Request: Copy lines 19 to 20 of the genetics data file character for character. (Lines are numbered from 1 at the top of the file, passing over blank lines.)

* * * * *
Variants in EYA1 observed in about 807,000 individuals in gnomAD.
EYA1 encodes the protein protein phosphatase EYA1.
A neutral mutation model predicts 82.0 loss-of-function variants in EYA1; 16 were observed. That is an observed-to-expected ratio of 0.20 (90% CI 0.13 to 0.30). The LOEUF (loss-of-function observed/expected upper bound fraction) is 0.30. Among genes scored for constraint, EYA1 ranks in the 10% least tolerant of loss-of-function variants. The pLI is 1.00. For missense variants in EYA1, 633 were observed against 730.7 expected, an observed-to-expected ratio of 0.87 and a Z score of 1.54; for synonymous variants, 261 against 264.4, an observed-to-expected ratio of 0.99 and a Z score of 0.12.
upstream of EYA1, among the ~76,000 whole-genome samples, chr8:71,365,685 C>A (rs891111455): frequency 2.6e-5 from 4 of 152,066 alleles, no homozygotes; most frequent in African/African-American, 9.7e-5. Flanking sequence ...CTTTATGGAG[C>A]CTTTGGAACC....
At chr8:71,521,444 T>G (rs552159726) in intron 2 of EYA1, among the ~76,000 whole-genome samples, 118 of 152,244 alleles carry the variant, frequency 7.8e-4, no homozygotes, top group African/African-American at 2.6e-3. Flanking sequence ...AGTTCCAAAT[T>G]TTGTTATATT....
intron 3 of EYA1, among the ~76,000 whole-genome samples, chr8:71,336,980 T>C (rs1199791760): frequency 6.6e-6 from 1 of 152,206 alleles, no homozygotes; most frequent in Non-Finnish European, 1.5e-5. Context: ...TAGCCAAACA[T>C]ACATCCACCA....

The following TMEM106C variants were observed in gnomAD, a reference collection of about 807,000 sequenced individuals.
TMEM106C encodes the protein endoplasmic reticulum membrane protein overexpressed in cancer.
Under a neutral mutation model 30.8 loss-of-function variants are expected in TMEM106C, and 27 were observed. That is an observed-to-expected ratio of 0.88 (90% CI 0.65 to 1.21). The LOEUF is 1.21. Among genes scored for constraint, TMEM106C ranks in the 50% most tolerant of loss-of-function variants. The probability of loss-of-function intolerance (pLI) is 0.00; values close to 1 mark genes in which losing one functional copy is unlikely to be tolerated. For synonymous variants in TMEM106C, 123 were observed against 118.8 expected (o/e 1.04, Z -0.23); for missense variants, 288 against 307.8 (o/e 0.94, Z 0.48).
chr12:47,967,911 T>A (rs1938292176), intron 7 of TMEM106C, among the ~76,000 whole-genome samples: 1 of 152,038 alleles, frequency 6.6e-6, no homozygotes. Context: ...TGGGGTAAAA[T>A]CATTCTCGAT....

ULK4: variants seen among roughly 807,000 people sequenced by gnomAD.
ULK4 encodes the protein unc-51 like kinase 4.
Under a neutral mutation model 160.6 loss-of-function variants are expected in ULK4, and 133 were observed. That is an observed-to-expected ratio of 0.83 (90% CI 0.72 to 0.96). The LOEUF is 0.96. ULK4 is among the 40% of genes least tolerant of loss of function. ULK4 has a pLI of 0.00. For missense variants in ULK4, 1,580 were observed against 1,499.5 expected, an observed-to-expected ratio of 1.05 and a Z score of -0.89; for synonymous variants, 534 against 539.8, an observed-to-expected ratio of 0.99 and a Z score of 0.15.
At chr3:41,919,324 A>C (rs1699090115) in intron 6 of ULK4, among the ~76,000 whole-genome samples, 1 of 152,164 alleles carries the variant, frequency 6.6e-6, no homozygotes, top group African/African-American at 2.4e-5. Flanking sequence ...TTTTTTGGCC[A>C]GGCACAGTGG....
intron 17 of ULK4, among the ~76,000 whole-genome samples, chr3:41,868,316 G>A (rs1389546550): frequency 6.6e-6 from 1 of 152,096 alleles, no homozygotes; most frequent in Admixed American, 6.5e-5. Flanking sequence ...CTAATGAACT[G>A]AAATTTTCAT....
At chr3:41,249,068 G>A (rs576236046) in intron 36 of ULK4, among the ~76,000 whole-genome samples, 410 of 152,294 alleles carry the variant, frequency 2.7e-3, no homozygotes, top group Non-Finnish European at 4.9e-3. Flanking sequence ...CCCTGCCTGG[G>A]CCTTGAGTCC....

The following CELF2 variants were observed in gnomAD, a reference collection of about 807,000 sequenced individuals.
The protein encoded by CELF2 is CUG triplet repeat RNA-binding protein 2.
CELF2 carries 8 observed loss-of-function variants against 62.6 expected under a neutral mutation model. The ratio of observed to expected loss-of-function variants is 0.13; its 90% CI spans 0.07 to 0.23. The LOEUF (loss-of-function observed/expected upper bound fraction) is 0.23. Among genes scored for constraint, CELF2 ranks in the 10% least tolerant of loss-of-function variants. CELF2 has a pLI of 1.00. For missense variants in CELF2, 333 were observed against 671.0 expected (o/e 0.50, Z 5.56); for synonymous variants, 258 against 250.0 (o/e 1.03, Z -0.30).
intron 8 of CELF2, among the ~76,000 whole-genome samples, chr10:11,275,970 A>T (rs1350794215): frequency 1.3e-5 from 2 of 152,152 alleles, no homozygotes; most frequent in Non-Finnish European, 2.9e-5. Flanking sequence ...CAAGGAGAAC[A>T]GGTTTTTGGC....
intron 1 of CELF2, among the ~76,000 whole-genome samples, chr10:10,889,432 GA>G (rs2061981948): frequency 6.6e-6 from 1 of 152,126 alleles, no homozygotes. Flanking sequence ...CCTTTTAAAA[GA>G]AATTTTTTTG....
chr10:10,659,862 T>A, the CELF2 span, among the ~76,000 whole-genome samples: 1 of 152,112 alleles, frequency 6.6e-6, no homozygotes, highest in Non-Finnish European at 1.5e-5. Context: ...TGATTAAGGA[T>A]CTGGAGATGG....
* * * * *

CELF2 carries 8 observed loss-of-function variants against 62.6 expected under a neutral mutation model. The ratio of observed to expected loss-of-function variants is 0.13; its 90% CI spans 0.07 to 0.23. The LOEUF (loss-of-function observed/expected upper bound fraction) is 0.23. Among genes scored for constraint, CELF2 ranks in the 10% least tolerant of loss-of-function variants. CELF2 has a pLI of 1.00. For missense variants in CELF2, 333 were observed against 671.0 expected (o/e 0.50, Z 5.56); for synonymous variants, 258 against 250.0 (o/e 1.03, Z -0.30).
intron 8 of CELF2, among the ~76,000 whole-genome samples, chr10:11,275,970 A>T (rs1350794215): frequency 1.3e-5 from 2 of 152,152 alleles, no homozygotes; most frequent in Non-Finnish European, 2.9e-5. Flanking sequence ...CAAGGAGAAC[A>T]GGTTTTTGGC....